Joe Willie Namath was a football legend who had both style and charm. A great athlete, yes, but that was only part of Joe Namath’s allure. He was the perfect fit for the Big Apple and became known as Broadway Joe. His presence was in contrast to Johnny Unitas in his high-top spikes and flat-top hairdo. Broadway Joe had long hair and a Fu Manchu. Two highlights of Namath’s career were completing 19 of 49 passes for three touchdowns as the New York Jets came from behind to defeat the Oakland Raiders, 27-23, for their first AFL title in 1968. The other came when Joe Willie defied the odds-makers with his guarentee of a victory a few days before the Jets’ Super Bowl game against the Baltimore Colts. He followed through on his boast by leading the Jets to one of the biggest upsets in pro football history. Namath completed 17 of 28 passes for 206 yards, and New York won 16-7. He was named the game’s MVP. Broadway Joe holds N.Y. Jet career records for most yards passing (4,007) and passing touchdowns (26). He also holds team records for most passing yards in one game with 496 and passing TDs six. Continue reading Joe Namath or Johnny Unitas
College and NBA all-time greats
The chant by basketball fans at West Virginia University during the late 1950s was “who’s the best, its Jerry West!” the basketball All-American, known as Zeke from Cabin Creek, was as quick as a cat, and he had a deadly 12 to 18-foot jumpshot. West, a two-time All-American selection was voted the outstanding player in the NCAA Tournament in 1959. He played for the Los Angeles Lakers from 1961 to 1974, finishing his career with a 27 point average and 2435 assists. West set a single-season free throw record in 1966 when he sank 840 shots from the line. He was a superb clutch player who consistently delivered at crunch-time. West is the NBA logo. Oscar Robertson of the University of Cincinnati became the first sophomore to be named College Basketball Player of the Year in 1958. The Big “O” played his high school ball at the all-black Crispus Attucks High School in Indianapolis , Indiana, and they won two state championships. He played pro ball for 14 years, ten of them with the Cincinnati Royals. Robertson averaged 25.7 points per game during his pro career, and he led the league in assists from 1964 through 1966, 1968, and 1969. His career assist total was 9,887. Robertson was as smooth as silk, and he wasted very little motion. He quietly had big point productions.
Mikey picks the “Big O”. who do you pick!
In the 1980s, The L.A. Lakers won five NBA championships and the Boston Celtics three. Magic Johnson and Larry Bird played huge roles on these championship teams. Johnson led the Lakers to an NBA title his rookie season. Magic’s ability to penetrate and create, his competitive spirir, and his unique talents made him a franchise player. The Celtics rolled to a 61-20 record in Bird’s first year, and Boston fans were buzzing about a brand of basketball similar to the great Red Auerbach squads of the 1960s. A blue collar player with a strong work ethic, Bird was a winner from ther first day he stepped onto the hardwoods of the Boston Garden. His 3-point shooting, rebounding, shot blocking, and late-game heroics made Bird the heart and soul of the Celtic teams of the 1980s. The Magic-Bird rivalry heated up in the mid-80s and from 1984 to 1989 Johnson or Bird won the MVP Award five times. The magnificent Michael Jordan won it the other year. During this span, Magic improved his defense greats is obvious to basketball fans across the land. Continue reading Larry Bird or Magic Johnson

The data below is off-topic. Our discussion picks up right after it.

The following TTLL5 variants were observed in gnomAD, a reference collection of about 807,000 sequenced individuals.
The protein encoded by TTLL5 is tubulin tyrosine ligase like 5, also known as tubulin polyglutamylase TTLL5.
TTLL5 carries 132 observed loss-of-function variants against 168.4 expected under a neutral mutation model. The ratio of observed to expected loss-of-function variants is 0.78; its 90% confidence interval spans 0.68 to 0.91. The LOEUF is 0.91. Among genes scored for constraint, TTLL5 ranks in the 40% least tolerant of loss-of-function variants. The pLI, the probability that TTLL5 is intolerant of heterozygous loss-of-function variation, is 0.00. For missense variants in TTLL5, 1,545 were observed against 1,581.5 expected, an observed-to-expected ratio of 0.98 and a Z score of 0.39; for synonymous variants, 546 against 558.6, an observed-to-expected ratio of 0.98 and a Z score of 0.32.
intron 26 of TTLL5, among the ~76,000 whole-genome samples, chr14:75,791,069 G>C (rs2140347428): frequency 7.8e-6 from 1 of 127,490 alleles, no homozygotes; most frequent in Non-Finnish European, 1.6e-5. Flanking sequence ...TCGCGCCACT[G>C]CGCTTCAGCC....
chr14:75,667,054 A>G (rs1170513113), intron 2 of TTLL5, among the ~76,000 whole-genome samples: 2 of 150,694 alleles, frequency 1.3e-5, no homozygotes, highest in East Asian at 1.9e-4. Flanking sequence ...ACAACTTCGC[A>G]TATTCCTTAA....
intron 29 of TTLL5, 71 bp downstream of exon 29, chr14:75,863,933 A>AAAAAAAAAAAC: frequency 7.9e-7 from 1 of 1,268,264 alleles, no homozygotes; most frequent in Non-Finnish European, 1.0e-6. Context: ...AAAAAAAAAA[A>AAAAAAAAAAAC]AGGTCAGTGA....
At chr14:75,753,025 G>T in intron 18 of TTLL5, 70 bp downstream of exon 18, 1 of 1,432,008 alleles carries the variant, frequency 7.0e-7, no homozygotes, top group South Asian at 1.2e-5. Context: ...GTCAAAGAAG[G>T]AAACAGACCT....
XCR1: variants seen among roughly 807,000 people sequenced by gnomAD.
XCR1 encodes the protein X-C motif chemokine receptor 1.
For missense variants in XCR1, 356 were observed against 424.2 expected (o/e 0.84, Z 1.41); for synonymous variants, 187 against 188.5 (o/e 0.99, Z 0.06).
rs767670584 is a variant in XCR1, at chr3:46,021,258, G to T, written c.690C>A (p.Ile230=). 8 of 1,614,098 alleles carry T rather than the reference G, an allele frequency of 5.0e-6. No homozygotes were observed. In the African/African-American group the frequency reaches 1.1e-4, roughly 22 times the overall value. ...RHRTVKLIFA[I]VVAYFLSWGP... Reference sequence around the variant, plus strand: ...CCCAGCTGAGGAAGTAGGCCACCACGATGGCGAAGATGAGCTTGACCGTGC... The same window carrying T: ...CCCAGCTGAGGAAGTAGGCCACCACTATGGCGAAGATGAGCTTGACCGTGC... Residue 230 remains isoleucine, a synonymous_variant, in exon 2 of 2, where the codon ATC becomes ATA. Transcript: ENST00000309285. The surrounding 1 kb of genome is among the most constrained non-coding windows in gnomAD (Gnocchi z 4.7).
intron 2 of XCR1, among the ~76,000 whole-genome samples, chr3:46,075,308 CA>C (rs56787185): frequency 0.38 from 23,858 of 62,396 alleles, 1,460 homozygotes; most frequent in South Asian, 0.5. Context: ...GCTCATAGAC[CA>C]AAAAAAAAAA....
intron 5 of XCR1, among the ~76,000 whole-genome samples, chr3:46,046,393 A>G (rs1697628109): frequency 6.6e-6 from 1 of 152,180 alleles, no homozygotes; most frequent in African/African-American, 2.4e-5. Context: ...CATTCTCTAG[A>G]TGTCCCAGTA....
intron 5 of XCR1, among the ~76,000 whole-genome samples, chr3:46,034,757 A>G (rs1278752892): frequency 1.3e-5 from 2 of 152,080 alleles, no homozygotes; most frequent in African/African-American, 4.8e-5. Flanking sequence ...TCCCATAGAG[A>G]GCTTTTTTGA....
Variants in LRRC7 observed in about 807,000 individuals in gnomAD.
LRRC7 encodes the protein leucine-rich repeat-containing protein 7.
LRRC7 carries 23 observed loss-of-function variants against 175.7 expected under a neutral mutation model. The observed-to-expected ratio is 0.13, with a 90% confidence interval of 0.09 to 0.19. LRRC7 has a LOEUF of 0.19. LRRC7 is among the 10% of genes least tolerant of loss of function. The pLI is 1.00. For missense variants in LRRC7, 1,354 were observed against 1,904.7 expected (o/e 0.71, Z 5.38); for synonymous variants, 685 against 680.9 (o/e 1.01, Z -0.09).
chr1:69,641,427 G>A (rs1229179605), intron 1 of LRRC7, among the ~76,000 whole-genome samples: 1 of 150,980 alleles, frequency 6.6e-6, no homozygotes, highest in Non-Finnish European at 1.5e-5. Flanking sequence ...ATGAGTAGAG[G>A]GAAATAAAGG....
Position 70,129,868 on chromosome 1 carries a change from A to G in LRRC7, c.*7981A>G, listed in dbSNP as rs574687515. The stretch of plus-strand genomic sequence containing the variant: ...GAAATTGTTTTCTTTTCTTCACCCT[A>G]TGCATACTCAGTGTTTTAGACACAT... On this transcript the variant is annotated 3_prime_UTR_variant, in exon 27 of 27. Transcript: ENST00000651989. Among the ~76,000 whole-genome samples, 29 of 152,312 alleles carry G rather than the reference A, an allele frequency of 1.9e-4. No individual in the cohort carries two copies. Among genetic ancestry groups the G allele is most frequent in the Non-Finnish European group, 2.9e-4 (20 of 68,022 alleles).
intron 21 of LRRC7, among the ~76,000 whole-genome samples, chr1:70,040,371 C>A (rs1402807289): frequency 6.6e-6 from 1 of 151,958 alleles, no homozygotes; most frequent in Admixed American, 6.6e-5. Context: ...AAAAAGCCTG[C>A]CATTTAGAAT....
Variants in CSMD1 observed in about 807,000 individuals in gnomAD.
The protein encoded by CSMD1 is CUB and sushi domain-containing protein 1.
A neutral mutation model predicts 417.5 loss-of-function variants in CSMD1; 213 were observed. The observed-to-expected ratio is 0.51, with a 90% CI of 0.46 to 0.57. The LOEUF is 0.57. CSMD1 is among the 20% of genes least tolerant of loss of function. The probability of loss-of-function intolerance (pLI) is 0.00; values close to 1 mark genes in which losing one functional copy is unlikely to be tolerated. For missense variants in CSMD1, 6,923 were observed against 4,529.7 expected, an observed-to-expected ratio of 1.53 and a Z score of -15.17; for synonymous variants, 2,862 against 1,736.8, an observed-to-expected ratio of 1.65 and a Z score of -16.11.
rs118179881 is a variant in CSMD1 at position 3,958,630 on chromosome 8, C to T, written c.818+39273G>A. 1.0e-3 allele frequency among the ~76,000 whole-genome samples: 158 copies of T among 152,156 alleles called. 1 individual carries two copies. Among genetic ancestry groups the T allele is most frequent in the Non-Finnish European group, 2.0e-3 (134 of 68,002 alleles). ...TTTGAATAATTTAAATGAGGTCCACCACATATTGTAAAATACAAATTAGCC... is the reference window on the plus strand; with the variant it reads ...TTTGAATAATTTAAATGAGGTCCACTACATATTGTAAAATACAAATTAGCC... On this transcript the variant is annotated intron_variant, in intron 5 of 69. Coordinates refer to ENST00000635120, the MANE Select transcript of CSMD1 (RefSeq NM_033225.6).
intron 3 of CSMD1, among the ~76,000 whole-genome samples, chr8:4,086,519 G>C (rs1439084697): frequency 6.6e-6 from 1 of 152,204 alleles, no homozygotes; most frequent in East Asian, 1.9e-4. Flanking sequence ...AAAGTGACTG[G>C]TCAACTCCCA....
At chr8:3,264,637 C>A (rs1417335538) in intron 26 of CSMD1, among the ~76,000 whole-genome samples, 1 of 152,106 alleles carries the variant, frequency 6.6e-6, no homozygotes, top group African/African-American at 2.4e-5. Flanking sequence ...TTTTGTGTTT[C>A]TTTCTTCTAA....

Two dynamite pitchers
Tom Seaver won 25 games to lead the New York Mets to the National League pennant in 1969. He also won the Cy Young Award as a Met in 1969, 1973 and 1975. Five times Seaver led the league in whiffs, and he fanned 200 or more batters nine years in a row to set a major league record. Tom Terrific retired with a .603 career winning percentage and was a 300 game winner. He ranks third on the all-time career ERA list. Sandy Koufax led the National League with the best ERA five years in a row and had a 111-34 overall pitching record. In 1961 he led the league in K’s with an eye-popping 269. In 1963 he had a 25-5 record and an ERA of 1.88. He also fanned 306 hitters and had eleven shutouts. Koufax was the Cy Young Award winner and league MVP in 1964 with a 19-5 record and an ERA of 1.74. He also won the Cy Young Award in 1965 and 1966, winning 26 and 27 games. Koufax had four career no-hitters and one perfect game.
Mikey picks Koufax. Who do you pick?
Two great all-around athletes
Jim Thorpe won both the decathlon (comprised of ten events) and the pentathlon (comprised of five events) in less than one week at the Olympic Games. Thorpe was considered to be the greatest American all around athlete. He was part Indian on both his mother’s and father’s sides, and he attended the Carlisle Indian School in Pennsylvania where he became a great football player. A quick halfback and punishing tackler, Thorpe made the All-American team in 1911 and 1912. Thorpe played major league baseball from 1913 to 1920. Babe Didrikson was voted the greatest female athlete of the half centuryy in 1950. She won seven of nine events in the 1931 AAU Women’s Track & Field meet. She also won two gold medals and a silver in the 1932 summer Olympics. As a golfer, Didrikson won seventeen tournaments in a row in 1946 and 1947. In 1948, 1950 and 1954 Didrikson won the U.S. Women’s Open.
Mikey picks Didrikson. Who do you pick?